US bomb sniffing dogs sent to Jordan dying from poor care

Lily Puckett

A new report from the State Department found that bomb-sniffing dogs sent from the United States to Jordan are not being cared for properly.

In a lengthy analysis that included photos of dogs with bones protruding from thin bodies, the Office of Inspector General found that “the Department was providing Explosive Detection Canines (EDCs) to foreign partner nations without the proper follow-up to ensure they were receiving adequate healthcare.”

“These allegations also included reports that dogs were dying due to various medical conditions, lack of veterinary care, and poor working conditions,” the report continues.

The dogs were trained in the US. They were sent abroad as part of a anti-terrorism assistance programme "to enhance the ability of their law enforcement to deter and counter terrorism", according to the report.

Previously, dogs were trained under a Bureau of Alcohol, Tobacco, and Firearms initiative. Seventy dogs from that programme remain active in seven partner nations.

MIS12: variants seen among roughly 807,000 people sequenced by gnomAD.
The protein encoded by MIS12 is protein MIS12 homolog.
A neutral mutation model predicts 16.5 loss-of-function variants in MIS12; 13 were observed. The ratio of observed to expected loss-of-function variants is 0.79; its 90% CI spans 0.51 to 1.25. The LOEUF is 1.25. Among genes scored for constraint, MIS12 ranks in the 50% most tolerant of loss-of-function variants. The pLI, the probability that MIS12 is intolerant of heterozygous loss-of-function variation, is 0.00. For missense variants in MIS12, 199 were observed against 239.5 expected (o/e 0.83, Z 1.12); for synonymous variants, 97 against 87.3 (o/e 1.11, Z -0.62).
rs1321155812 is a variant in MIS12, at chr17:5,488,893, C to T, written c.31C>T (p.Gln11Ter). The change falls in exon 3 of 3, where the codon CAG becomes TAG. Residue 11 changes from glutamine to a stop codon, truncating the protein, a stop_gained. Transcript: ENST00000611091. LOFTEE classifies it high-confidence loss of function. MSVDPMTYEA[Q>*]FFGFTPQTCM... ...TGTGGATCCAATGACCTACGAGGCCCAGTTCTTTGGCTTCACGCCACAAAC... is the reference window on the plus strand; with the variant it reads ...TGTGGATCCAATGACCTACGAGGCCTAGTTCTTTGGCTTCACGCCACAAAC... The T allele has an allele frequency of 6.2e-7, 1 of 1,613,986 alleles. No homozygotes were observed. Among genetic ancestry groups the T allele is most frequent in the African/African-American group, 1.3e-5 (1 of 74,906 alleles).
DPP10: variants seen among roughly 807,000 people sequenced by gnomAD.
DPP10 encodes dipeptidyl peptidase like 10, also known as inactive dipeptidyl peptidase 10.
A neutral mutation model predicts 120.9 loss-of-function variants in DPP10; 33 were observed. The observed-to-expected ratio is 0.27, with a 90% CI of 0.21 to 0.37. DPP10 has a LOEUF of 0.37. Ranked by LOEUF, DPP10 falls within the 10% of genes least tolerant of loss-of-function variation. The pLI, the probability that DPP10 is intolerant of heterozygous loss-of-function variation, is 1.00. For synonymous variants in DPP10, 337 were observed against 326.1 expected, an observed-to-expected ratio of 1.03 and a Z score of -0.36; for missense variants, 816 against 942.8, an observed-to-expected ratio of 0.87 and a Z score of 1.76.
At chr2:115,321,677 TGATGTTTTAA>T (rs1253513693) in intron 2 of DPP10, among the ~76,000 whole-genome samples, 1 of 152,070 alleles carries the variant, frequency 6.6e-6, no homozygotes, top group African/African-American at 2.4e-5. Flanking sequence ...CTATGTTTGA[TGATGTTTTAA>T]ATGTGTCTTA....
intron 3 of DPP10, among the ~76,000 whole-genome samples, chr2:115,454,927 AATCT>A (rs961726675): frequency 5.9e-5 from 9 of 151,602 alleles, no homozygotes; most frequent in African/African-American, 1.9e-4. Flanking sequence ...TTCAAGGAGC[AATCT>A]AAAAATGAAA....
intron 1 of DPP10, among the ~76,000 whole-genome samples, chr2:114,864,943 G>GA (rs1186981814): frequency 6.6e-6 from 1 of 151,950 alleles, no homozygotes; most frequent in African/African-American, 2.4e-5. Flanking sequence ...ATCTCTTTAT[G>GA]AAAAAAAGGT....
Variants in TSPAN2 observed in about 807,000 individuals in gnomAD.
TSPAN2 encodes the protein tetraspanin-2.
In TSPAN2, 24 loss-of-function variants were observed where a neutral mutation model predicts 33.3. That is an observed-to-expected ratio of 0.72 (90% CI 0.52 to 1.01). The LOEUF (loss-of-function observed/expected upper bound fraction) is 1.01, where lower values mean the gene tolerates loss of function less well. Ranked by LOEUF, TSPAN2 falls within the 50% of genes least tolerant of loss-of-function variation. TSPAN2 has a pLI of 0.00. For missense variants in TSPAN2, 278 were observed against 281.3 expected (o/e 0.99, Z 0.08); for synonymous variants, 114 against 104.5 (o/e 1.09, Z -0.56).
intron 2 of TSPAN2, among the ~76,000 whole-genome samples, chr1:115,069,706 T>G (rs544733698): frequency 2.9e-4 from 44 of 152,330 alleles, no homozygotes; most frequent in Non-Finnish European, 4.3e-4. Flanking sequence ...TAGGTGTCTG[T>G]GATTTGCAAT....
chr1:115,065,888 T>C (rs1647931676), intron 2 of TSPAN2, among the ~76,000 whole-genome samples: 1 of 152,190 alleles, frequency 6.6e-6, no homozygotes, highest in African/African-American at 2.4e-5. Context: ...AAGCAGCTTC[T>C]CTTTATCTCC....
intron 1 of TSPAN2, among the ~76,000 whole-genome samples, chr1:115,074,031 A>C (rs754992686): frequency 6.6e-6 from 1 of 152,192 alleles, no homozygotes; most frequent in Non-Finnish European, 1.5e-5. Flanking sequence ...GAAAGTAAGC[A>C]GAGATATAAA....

As of 2018, 100 bomb-detecting dogs trained at a State Department facility were provided to six partner nations.

Now, the Office of Inspector General (OIG) has found "an overall lack of policies and standards governing the program.” According to the report, the animals are often provided without any signed written agreements or an outline about care, use and retirement.

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In Jordan in particular, the report found problems were consistent. The report detailed specific cases, such as a dog who was found emaciated less than one year after arriving in Jordan. That dog also had faeces in her kennel, and no water in her water bowl.

Another dog from the US had to be euthanised in March 2018 after he became severely ill less than a year after arriving in Jordan. He was diagnosed first with a tick-borne illness, then a second vector-borne disease. He was put down in the US after being flown back for treatment.

The OIG has recommended more frequent check-ups, written agreements that outline polities, and a plan to address canine retirement and adoption. It did not, however, recommend ending the programme in Jordan “until a sustainability plan is in place”.

Last year, a report from the OIG found that dogs sent to Afghanistan were also being mistreated, resulting in "organised chaos."

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